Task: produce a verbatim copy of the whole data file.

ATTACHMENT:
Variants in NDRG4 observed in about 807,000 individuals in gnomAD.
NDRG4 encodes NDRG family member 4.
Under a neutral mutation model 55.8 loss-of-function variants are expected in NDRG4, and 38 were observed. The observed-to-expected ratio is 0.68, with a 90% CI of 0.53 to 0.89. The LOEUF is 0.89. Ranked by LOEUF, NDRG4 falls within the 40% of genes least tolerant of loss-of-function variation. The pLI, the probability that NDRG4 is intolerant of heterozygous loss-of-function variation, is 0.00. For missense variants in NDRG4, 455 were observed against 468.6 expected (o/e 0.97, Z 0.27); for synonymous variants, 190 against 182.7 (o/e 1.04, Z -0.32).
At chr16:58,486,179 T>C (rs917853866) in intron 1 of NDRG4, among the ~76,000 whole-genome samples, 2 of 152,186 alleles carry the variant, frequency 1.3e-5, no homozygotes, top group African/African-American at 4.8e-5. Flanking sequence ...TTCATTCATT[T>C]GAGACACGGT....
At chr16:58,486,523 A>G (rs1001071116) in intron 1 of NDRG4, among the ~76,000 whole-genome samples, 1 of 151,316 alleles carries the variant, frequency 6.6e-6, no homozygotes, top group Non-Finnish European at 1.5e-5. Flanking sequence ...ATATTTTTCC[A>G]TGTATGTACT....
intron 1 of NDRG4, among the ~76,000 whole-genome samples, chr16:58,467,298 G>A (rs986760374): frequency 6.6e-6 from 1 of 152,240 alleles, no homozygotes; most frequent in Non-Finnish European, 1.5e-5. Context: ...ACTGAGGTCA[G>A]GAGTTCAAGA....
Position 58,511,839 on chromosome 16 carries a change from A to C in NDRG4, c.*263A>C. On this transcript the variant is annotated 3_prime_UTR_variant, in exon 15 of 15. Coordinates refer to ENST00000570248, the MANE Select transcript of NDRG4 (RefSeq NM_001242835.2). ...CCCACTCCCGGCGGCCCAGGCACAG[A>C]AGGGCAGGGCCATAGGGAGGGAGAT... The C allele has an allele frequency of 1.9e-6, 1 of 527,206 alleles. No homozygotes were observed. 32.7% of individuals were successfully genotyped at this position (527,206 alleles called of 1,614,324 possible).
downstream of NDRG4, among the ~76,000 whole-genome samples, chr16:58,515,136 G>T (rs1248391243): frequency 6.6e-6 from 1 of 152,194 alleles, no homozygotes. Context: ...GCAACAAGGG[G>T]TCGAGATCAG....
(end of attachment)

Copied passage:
Variants in NDRG4 observed in about 807,000 individuals in gnomAD.
NDRG4 encodes NDRG family member 4.
Under a neutral mutation model 55.8 loss-of-function variants are expected in NDRG4, and 38 were observed. The observed-to-expected ratio is 0.68, with a 90% CI of 0.53 to 0.89. The LOEUF is 0.89. Ranked by LOEUF, NDRG4 falls within the 40% of genes least tolerant of loss-of-function variation. The pLI, the probability that NDRG4 is intolerant of heterozygous loss-of-function variation, is 0.00. For missense variants in NDRG4, 455 were observed against 468.6 expected (o/e 0.97, Z 0.27); for synonymous variants, 190 against 182.7 (o/e 1.04, Z -0.32).
At chr16:58,486,179 T>C (rs917853866) in intron 1 of NDRG4, among the ~76,000 whole-genome samples, 2 of 152,186 alleles carry the variant, frequency 1.3e-5, no homozygotes, top group African/African-American at 4.8e-5. Flanking sequence ...TTCATTCATT[T>C]GAGACACGGT....
At chr16:58,486,523 A>G (rs1001071116) in intron 1 of NDRG4, among the ~76,000 whole-genome samples, 1 of 151,316 alleles carries the variant, frequency 6.6e-6, no homozygotes, top group Non-Finnish European at 1.5e-5. Flanking sequence ...ATATTTTTCC[A>G]TGTATGTACT....
intron 1 of NDRG4, among the ~76,000 whole-genome samples, chr16:58,467,298 G>A (rs986760374): frequency 6.6e-6 from 1 of 152,240 alleles, no homozygotes; most frequent in Non-Finnish European, 1.5e-5. Context: ...ACTGAGGTCA[G>A]GAGTTCAAGA....
Position 58,511,839 on chromosome 16 carries a change from A to C in NDRG4, c.*263A>C. On this transcript the variant is annotated 3_prime_UTR_variant, in exon 15 of 15. Coordinates refer to ENST00000570248, the MANE Select transcript of NDRG4 (RefSeq NM_001242835.2). ...CCCACTCCCGGCGGCCCAGGCACAG[A>C]AGGGCAGGGCCATAGGGAGGGAGAT... The C allele has an allele frequency of 1.9e-6, 1 of 527,206 alleles. No homozygotes were observed. 32.7% of individuals were successfully genotyped at this position (527,206 alleles called of 1,614,324 possible).
downstream of NDRG4, among the ~76,000 whole-genome samples, chr16:58,515,136 G>T (rs1248391243): frequency 6.6e-6 from 1 of 152,194 alleles, no homozygotes. Context: ...GCAACAAGGG[G>T]TCGAGATCAG....